Rebecca Coglianese Works towards Career in Physics while Battling Cancer

By, Jocelyn Visnov, Editor-in-Chief


Determined to finish her senior year strong, Rebecca Coglianese has continued to attend most of her classes and apply for postgraduate education programs while undergoing cancer treatment. 

Coglianese, a senior physics major at Manhattan College, was diagnosed with late stage adenoid cystic carcinoma (AdCC) in December 2022. 

She had begun seeing doctors three months prior after her boyfriend, Dylan Cho, noticed some abnormal swelling in her jaw. The swelling and pain in her jaw was originally dismissed as a swollen muscle.

“It’s been a roller coaster to get diagnosed. It really has,” Coglianese said. “You think it’s like in the movies, you think everything [getting diagnosed] happens fast, but it is not like that at all. It took forever for me to find out I have cancer and it kind of sucks having to live through that.” 

  Cho, a senior chemical engineering major, recalls Coglianese had been complaining about pain in her face and jaw for nearly two years leading up to the diagnosis. 

“Rebecca had been complaining about jaw and facial pain for almost two years,” he wrote. “She also has TMJ (a facial disorder characterized by jaw displacement) that was believed to be the cause of her pain. Around September she began complaining about a swollen lump that was assumed to be a swollen muscle and was told to just massage it out. Since it had not gone away with physical therapy, I had asked to look inside her mouth since the ‘lump’ was directly beneath her tongue. There was a very obvious asymmetry in her lower left pallet, so I decided to put a piece of ice on the lump. She could not feel a temperature change, which was extremely concerning.” 

Cho has created a GoFundMe page for Coglianese to help raise awareness of the situation and help her cover medical expenses.

According to rarediseases.org, AdCC most commonly occurs in men and women between ages 40 – 60, putting Coglianese far outside the typical age range for this disease. 

“I was like, ‘I’m 21, I don’t have a tumor,’ and there’s no genetic cancer history in my family,” Coglianese said. “So I did not expect it at all. But it caused a lot of pain.” 

After initial struggles dealing with complex medical insurance policies, Coglianese has begun receiving treatment at Memorial Sloan Kettering hospital, which houses a team of doctors that specialize in rare forms of cancer. 

Coglianese has not let her cancer get in the way of pursuing her career. She is one of only three current female physics majors enrolled in the small department within the Kakos School of Science and has participated in various research opportunities throughout her academic career.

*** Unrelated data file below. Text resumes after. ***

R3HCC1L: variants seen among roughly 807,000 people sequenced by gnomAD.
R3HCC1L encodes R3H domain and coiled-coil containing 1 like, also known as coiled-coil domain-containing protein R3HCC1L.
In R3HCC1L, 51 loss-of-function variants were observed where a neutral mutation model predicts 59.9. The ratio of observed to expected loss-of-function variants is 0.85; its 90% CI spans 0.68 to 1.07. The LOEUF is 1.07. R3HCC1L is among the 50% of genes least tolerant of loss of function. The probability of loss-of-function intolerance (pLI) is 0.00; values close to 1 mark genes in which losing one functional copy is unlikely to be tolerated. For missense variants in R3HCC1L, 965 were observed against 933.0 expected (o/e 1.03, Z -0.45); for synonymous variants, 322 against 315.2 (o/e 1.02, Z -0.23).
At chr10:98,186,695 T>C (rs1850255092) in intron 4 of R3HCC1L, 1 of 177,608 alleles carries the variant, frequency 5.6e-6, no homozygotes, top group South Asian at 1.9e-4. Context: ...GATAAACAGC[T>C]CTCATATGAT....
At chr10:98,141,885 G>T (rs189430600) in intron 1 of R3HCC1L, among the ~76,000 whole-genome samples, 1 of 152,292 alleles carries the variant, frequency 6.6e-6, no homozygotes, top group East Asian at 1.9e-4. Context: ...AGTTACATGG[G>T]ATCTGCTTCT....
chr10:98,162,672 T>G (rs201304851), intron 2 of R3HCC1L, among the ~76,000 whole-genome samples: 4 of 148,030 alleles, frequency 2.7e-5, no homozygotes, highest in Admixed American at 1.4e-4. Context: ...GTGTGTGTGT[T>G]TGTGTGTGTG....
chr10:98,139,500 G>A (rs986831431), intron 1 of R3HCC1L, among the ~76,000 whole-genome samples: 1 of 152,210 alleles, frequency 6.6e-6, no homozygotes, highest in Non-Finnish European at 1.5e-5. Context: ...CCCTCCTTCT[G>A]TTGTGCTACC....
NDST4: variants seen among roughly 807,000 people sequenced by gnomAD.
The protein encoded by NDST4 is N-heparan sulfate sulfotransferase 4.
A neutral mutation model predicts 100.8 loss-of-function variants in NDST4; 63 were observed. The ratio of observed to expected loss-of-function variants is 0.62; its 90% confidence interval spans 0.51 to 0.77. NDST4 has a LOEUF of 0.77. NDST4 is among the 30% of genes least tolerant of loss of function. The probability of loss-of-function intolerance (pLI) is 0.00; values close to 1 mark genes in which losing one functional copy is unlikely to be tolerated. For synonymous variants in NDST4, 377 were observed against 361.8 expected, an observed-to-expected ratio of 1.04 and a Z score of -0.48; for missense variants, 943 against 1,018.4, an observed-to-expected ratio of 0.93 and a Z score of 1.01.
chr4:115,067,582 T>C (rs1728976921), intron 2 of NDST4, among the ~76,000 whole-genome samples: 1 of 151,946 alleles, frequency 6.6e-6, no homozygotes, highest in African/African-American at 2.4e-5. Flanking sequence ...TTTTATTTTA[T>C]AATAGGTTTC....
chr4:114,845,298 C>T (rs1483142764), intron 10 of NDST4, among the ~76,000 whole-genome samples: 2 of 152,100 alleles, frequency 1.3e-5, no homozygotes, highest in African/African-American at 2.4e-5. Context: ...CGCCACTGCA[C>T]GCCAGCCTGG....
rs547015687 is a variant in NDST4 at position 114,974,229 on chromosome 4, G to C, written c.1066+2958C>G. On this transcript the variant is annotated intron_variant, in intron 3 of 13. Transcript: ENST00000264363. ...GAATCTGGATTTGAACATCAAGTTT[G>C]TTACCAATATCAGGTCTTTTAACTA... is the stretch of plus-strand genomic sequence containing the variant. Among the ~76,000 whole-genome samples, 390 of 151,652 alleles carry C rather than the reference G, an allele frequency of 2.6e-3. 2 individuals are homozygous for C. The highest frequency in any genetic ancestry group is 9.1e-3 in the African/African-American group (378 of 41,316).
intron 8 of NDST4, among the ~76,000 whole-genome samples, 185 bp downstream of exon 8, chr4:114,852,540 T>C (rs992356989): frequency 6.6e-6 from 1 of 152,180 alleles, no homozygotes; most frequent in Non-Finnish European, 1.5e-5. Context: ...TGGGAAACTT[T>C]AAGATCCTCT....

She first approached Farrooh Fattoyev, Ph.D., during her freshman year at MC to discuss her interest in studying stars. 

We started working on research almost immediately after we met,” Fattoyev wrote. “In her first project, she embarked on the topic of neutron stars in the braneworld. The braneworld is a higher dimensional physical hyperspace where our 3-dimensional universe is restricted to a single brane. She studied the role of the brane tension on the properties of neutron stars and found interesting constraints on the brane parameters. She has actively participated in summer research as well.” 

Passionate about pursuing a career studying astrophysics, Coglianese has continued to work hard in her classes and apply to postgraduate programs in the hopes of continuing her research and eventually receiving her Ph.D. She noted that she had finally submitted her first application to graduate school on the day she received her diagnosis. 

With both of her parents currently living in Texas, Coglianese has leaned on Cho and her sister Victoria, a sophomore mechanical engineering major, as her biggest supporters.

“Rebecca and I are very close, we can frequently be seen giggling together in the library,” her sister wrote. “When I first found out about her diagnosis, I was in shock and disbelief. It took a long time to process, and it was particularly difficult as the severity unfolded during the holiday season.” 

Their parents will fly in from their home in Texas to be with Coglianese as she undergoes surgery to remove the tumor on Wednesday, Feb. 15. She will begin radiation treatment shortly after recovering from the surgery. 

Coglianese hopes to inspire more women to pursue careers in STEM fields, no matter what their circumstances may be. For those looking to learn more about Coglianese and show their support, visit https://gofund.me/30d8c962 to view the GoFundMe page set up by Cho.